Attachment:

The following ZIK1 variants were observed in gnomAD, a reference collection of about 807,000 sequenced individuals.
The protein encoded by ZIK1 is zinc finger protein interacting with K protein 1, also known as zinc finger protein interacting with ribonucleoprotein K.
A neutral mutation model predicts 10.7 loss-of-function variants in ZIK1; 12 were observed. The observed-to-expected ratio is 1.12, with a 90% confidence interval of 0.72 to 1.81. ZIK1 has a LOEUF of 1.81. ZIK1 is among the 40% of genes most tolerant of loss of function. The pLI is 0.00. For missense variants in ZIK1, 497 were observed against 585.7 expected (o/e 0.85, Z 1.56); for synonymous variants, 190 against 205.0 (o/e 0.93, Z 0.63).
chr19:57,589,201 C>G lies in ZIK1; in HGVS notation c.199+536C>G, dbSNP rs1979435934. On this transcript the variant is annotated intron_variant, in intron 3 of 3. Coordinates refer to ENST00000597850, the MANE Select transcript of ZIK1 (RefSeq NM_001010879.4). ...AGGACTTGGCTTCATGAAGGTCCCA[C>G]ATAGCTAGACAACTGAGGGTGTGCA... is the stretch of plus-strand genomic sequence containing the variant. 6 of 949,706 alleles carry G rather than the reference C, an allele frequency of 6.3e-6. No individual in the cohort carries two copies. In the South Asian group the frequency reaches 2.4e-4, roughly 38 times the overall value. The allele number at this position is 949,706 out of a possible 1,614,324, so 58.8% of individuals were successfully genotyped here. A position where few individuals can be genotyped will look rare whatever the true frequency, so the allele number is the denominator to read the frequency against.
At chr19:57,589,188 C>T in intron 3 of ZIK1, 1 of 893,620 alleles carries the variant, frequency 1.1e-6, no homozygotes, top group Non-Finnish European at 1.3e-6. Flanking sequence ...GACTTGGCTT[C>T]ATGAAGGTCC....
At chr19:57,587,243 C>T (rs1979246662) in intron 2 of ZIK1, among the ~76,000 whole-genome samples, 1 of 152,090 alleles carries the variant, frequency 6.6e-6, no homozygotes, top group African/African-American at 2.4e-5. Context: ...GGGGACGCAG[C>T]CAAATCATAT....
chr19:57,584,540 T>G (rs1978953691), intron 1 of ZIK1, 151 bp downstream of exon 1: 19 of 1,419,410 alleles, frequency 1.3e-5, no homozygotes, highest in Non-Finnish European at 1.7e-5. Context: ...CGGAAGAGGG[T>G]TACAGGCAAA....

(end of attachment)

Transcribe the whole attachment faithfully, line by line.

The following ZIK1 variants were observed in gnomAD, a reference collection of about 807,000 sequenced individuals.
The protein encoded by ZIK1 is zinc finger protein interacting with K protein 1, also known as zinc finger protein interacting with ribonucleoprotein K.
A neutral mutation model predicts 10.7 loss-of-function variants in ZIK1; 12 were observed. The observed-to-expected ratio is 1.12, with a 90% confidence interval of 0.72 to 1.81. ZIK1 has a LOEUF of 1.81. ZIK1 is among the 40% of genes most tolerant of loss of function. The pLI is 0.00. For missense variants in ZIK1, 497 were observed against 585.7 expected (o/e 0.85, Z 1.56); for synonymous variants, 190 against 205.0 (o/e 0.93, Z 0.63).
chr19:57,589,201 C>G lies in ZIK1; in HGVS notation c.199+536C>G, dbSNP rs1979435934. On this transcript the variant is annotated intron_variant, in intron 3 of 3. Coordinates refer to ENST00000597850, the MANE Select transcript of ZIK1 (RefSeq NM_001010879.4). ...AGGACTTGGCTTCATGAAGGTCCCA[C>G]ATAGCTAGACAACTGAGGGTGTGCA... is the stretch of plus-strand genomic sequence containing the variant. 6 of 949,706 alleles carry G rather than the reference C, an allele frequency of 6.3e-6. No individual in the cohort carries two copies. In the South Asian group the frequency reaches 2.4e-4, roughly 38 times the overall value. The allele number at this position is 949,706 out of a possible 1,614,324, so 58.8% of individuals were successfully genotyped here. A position where few individuals can be genotyped will look rare whatever the true frequency, so the allele number is the denominator to read the frequency against.
At chr19:57,589,188 C>T in intron 3 of ZIK1, 1 of 893,620 alleles carries the variant, frequency 1.1e-6, no homozygotes, top group Non-Finnish European at 1.3e-6. Flanking sequence ...GACTTGGCTT[C>T]ATGAAGGTCC....
At chr19:57,587,243 C>T (rs1979246662) in intron 2 of ZIK1, among the ~76,000 whole-genome samples, 1 of 152,090 alleles carries the variant, frequency 6.6e-6, no homozygotes, top group African/African-American at 2.4e-5. Context: ...GGGGACGCAG[C>T]CAAATCATAT....
chr19:57,584,540 T>G (rs1978953691), intron 1 of ZIK1, 151 bp downstream of exon 1: 19 of 1,419,410 alleles, frequency 1.3e-5, no homozygotes, highest in Non-Finnish European at 1.7e-5. Context: ...CGGAAGAGGG[T>G]TACAGGCAAA....